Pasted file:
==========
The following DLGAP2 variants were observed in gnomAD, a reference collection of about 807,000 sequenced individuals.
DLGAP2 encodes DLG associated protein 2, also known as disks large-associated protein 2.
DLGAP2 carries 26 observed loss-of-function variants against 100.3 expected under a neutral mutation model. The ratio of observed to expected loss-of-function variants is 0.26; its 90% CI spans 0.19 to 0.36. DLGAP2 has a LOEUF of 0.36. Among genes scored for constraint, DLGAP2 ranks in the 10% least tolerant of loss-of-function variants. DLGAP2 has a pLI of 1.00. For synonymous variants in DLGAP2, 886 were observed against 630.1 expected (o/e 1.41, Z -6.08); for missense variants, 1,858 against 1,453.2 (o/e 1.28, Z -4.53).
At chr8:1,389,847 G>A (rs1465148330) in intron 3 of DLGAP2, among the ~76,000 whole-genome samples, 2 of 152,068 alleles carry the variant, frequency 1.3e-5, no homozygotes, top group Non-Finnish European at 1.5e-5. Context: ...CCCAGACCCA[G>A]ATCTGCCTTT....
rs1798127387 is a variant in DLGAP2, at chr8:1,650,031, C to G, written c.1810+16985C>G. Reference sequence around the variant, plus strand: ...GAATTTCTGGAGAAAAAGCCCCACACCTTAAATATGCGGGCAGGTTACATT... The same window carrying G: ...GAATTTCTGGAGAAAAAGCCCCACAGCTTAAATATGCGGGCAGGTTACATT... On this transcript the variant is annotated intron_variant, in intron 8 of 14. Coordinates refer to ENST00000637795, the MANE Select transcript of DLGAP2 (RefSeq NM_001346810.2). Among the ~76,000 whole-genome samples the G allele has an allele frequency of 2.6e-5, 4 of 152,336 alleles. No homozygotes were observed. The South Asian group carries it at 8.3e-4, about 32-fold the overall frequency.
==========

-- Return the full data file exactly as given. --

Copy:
The following DLGAP2 variants were observed in gnomAD, a reference collection of about 807,000 sequenced individuals.
DLGAP2 encodes DLG associated protein 2, also known as disks large-associated protein 2.
DLGAP2 carries 26 observed loss-of-function variants against 100.3 expected under a neutral mutation model. The ratio of observed to expected loss-of-function variants is 0.26; its 90% CI spans 0.19 to 0.36. DLGAP2 has a LOEUF of 0.36. Among genes scored for constraint, DLGAP2 ranks in the 10% least tolerant of loss-of-function variants. DLGAP2 has a pLI of 1.00. For synonymous variants in DLGAP2, 886 were observed against 630.1 expected (o/e 1.41, Z -6.08); for missense variants, 1,858 against 1,453.2 (o/e 1.28, Z -4.53).
At chr8:1,389,847 G>A (rs1465148330) in intron 3 of DLGAP2, among the ~76,000 whole-genome samples, 2 of 152,068 alleles carry the variant, frequency 1.3e-5, no homozygotes, top group Non-Finnish European at 1.5e-5. Context: ...CCCAGACCCA[G>A]ATCTGCCTTT....
rs1798127387 is a variant in DLGAP2, at chr8:1,650,031, C to G, written c.1810+16985C>G. Reference sequence around the variant, plus strand: ...GAATTTCTGGAGAAAAAGCCCCACACCTTAAATATGCGGGCAGGTTACATT... The same window carrying G: ...GAATTTCTGGAGAAAAAGCCCCACAGCTTAAATATGCGGGCAGGTTACATT... On this transcript the variant is annotated intron_variant, in intron 8 of 14. Coordinates refer to ENST00000637795, the MANE Select transcript of DLGAP2 (RefSeq NM_001346810.2). Among the ~76,000 whole-genome samples the G allele has an allele frequency of 2.6e-5, 4 of 152,336 alleles. No homozygotes were observed. The South Asian group carries it at 8.3e-4, about 32-fold the overall frequency.